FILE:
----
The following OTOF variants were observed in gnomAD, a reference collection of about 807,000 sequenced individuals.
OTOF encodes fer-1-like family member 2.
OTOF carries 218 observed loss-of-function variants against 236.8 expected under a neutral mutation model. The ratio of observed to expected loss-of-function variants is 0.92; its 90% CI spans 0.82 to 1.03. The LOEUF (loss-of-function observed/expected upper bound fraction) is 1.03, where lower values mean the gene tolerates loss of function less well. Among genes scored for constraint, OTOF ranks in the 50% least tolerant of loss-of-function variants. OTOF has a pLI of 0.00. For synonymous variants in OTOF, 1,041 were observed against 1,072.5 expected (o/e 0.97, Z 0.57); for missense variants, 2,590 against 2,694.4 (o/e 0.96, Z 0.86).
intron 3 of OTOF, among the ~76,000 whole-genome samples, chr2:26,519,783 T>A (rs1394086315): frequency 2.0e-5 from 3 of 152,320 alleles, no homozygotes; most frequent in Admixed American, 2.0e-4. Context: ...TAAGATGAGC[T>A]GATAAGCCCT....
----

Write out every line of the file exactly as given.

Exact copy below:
The following OTOF variants were observed in gnomAD, a reference collection of about 807,000 sequenced individuals.
OTOF encodes fer-1-like family member 2.
OTOF carries 218 observed loss-of-function variants against 236.8 expected under a neutral mutation model. The ratio of observed to expected loss-of-function variants is 0.92; its 90% CI spans 0.82 to 1.03. The LOEUF (loss-of-function observed/expected upper bound fraction) is 1.03, where lower values mean the gene tolerates loss of function less well. Among genes scored for constraint, OTOF ranks in the 50% least tolerant of loss-of-function variants. OTOF has a pLI of 0.00. For synonymous variants in OTOF, 1,041 were observed against 1,072.5 expected (o/e 0.97, Z 0.57); for missense variants, 2,590 against 2,694.4 (o/e 0.96, Z 0.86).
intron 3 of OTOF, among the ~76,000 whole-genome samples, chr2:26,519,783 T>A (rs1394086315): frequency 2.0e-5 from 3 of 152,320 alleles, no homozygotes; most frequent in Admixed American, 2.0e-4. Context: ...TAAGATGAGC[T>A]GATAAGCCCT....